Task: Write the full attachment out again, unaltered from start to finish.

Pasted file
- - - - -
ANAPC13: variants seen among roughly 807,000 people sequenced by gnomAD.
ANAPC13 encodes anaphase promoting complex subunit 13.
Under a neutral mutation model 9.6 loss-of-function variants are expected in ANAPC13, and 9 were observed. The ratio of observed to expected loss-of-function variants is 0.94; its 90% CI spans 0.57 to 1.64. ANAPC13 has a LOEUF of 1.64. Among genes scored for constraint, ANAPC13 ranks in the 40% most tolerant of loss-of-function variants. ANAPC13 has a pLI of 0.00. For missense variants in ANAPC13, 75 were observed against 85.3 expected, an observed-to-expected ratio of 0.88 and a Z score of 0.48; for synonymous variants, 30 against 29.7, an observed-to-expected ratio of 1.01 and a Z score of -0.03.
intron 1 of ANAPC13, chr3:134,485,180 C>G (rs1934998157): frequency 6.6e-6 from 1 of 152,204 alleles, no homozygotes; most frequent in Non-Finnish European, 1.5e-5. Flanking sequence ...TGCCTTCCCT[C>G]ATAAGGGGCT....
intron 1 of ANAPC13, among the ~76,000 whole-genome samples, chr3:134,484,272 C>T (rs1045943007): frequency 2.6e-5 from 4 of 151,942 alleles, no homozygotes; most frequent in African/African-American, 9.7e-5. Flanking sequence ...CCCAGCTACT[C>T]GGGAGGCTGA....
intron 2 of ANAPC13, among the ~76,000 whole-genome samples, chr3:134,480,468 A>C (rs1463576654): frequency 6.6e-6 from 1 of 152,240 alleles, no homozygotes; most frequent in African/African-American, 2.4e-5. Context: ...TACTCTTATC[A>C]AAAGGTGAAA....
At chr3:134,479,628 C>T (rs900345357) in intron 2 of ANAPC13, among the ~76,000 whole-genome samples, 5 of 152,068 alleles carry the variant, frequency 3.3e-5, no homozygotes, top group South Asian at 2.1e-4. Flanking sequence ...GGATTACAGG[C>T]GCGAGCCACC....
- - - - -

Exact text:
ANAPC13: variants seen among roughly 807,000 people sequenced by gnomAD.
ANAPC13 encodes anaphase promoting complex subunit 13.
Under a neutral mutation model 9.6 loss-of-function variants are expected in ANAPC13, and 9 were observed. The ratio of observed to expected loss-of-function variants is 0.94; its 90% CI spans 0.57 to 1.64. ANAPC13 has a LOEUF of 1.64. Among genes scored for constraint, ANAPC13 ranks in the 40% most tolerant of loss-of-function variants. ANAPC13 has a pLI of 0.00. For missense variants in ANAPC13, 75 were observed against 85.3 expected, an observed-to-expected ratio of 0.88 and a Z score of 0.48; for synonymous variants, 30 against 29.7, an observed-to-expected ratio of 1.01 and a Z score of -0.03.
intron 1 of ANAPC13, chr3:134,485,180 C>G (rs1934998157): frequency 6.6e-6 from 1 of 152,204 alleles, no homozygotes; most frequent in Non-Finnish European, 1.5e-5. Flanking sequence ...TGCCTTCCCT[C>G]ATAAGGGGCT....
intron 1 of ANAPC13, among the ~76,000 whole-genome samples, chr3:134,484,272 C>T (rs1045943007): frequency 2.6e-5 from 4 of 151,942 alleles, no homozygotes; most frequent in African/African-American, 9.7e-5. Flanking sequence ...CCCAGCTACT[C>T]GGGAGGCTGA....
intron 2 of ANAPC13, among the ~76,000 whole-genome samples, chr3:134,480,468 A>C (rs1463576654): frequency 6.6e-6 from 1 of 152,240 alleles, no homozygotes; most frequent in African/African-American, 2.4e-5. Context: ...TACTCTTATC[A>C]AAAGGTGAAA....
At chr3:134,479,628 C>T (rs900345357) in intron 2 of ANAPC13, among the ~76,000 whole-genome samples, 5 of 152,068 alleles carry the variant, frequency 3.3e-5, no homozygotes, top group South Asian at 2.1e-4. Flanking sequence ...GGATTACAGG[C>T]GCGAGCCACC....